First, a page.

Of course the Raymond family had been in trouble long before this incident. When the couple met in Plymouth, Ardizoni was only 15 and had never had a serious boyfriend; Raymond, at 25, was already separated with two children (son Albert, “A.J.,” now 24, and daughter Shana, 23), who lived with his estranged wife. Within six months the pair moved in together. A year and a half later they took off to Fort Myers, Fla., where they both worked for courier services. The couple married in 1984, shortly after the twins’ birth. “I had never even held a baby,” says Ardizoni. “When they came it was the greatest thing that ever happened to me.”

In 1986 the family moved back to Massachusetts. The following year, Raymond says, the marriage started to disintegrate. He blames his wife’s addiction to prescription medication. But Ardizoni contends the couple’s problems were deeper and darker than drugs, a habit her ex-husband seems to have shared (he had at least two marijuana arrests in the early ’70s). She repeats claims made in court papers that she was frequently abused by Raymond, often in front of the twins. Logs at the Wareham Police Department chronicle their continuing warfare; officers made numerous domestic-dispute calls to the couple’s house.

Despite their turbulent home life, the twins appear to be developing into what Judge Lawton described as mature youngsters who are “very intelligent and articulate for their age.” Although they look enough alike to confuse even their father, and share a number of interests—camping, fishing, playing Hide and Go Seek in the dark—the girls have distinct personalities and ambitions. Strong-willed Tara wants to be an emergency medical technician; Sheena, considered the more sensitive, hopes to become an astronaut or an artist.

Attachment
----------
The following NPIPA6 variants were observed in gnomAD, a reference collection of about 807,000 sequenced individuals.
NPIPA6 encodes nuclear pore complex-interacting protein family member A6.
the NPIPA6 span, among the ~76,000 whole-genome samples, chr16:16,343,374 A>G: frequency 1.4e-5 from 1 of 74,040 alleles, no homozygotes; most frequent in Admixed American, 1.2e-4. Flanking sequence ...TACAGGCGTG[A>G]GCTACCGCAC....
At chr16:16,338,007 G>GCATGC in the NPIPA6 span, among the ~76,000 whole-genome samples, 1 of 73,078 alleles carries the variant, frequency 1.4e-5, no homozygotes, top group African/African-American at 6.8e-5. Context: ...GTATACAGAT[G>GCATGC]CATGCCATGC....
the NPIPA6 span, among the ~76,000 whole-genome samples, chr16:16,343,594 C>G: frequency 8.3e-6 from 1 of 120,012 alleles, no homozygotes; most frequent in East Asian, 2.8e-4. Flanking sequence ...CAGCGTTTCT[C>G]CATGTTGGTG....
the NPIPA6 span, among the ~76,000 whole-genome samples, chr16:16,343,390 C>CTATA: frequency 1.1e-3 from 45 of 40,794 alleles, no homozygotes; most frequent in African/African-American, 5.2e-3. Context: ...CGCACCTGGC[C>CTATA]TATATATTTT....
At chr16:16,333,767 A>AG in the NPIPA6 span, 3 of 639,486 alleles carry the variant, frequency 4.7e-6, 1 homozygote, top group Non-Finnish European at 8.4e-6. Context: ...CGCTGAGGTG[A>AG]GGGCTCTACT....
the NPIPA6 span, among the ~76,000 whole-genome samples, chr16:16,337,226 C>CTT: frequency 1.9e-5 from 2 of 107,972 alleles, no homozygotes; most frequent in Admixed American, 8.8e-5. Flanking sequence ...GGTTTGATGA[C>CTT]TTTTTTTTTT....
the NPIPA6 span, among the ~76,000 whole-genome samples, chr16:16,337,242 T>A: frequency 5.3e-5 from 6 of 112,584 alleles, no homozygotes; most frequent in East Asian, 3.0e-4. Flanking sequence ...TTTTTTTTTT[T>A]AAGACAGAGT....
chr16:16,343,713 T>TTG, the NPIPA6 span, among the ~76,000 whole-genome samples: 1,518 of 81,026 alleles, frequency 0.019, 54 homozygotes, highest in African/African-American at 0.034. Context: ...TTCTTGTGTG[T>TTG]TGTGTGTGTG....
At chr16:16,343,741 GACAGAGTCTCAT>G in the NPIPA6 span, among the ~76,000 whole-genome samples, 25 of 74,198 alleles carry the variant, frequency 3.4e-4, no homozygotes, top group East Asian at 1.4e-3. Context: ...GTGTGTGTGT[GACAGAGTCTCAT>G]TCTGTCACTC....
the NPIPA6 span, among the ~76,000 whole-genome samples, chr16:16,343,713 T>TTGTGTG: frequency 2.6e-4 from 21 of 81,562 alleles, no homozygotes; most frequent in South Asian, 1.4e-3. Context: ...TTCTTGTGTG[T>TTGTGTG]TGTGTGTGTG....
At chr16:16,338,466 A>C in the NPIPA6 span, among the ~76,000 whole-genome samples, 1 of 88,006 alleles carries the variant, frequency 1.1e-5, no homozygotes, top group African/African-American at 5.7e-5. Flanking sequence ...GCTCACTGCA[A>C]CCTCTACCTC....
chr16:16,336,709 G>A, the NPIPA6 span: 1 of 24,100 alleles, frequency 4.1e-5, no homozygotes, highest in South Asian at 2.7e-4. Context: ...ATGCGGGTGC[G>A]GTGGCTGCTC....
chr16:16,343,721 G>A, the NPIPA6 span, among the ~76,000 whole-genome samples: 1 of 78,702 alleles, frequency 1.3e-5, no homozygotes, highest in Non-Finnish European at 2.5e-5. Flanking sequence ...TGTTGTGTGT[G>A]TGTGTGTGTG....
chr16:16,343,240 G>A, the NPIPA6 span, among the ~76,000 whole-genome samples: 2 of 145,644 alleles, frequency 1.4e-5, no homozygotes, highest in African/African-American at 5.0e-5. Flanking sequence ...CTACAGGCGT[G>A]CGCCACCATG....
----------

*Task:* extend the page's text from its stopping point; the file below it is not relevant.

Lawton, a veteran of 31 years on the bench and the father of five grown sons, says his goal was to respect the wishes of the children. “I was not performing surgery on Siamese twins,” he told a local paper, surprised at the controversy his decision aroused.

In hopes of getting both girls back, Raymond has appealed the ruling in advance of the June 30 rehearing scheduled by Judge Lawton. Ardizoni, who also has a 10-month-old daughter, Victoria, with her fiancé, says she will abide by whatever the final decision is. “The fight needs to be over,” she says. “My kids can’t go through this for another year.”

Meanwhile the sisters are trying to cope with their uncomfortable situation. “I think we’re drifting further and further apart,” Sheena says. Though she and Tara still see each other at school and in afternoon karate class three times a week, since the ruling they’ve only spent part of two weekends together. Left by the judge to work out visitation between themselves, the parents continue feuding. On Feb. 24 police were called to Ardizoni’s home because of an argument between her and Raymond, who had come to see if Sheena could go Rollerblading with Tara. “It stinks,” says Sheena of the situation. “I hardly never see her now.”

But on that afternoon, Sheena did. “When they were at the skating rink, they went up to each other and grabbed each other’s hands,” Raymond says. “Tara looks at Sheena and says ‘I love you,’ and Sheena says, ‘I love you too.’ And they skated off holding hands.”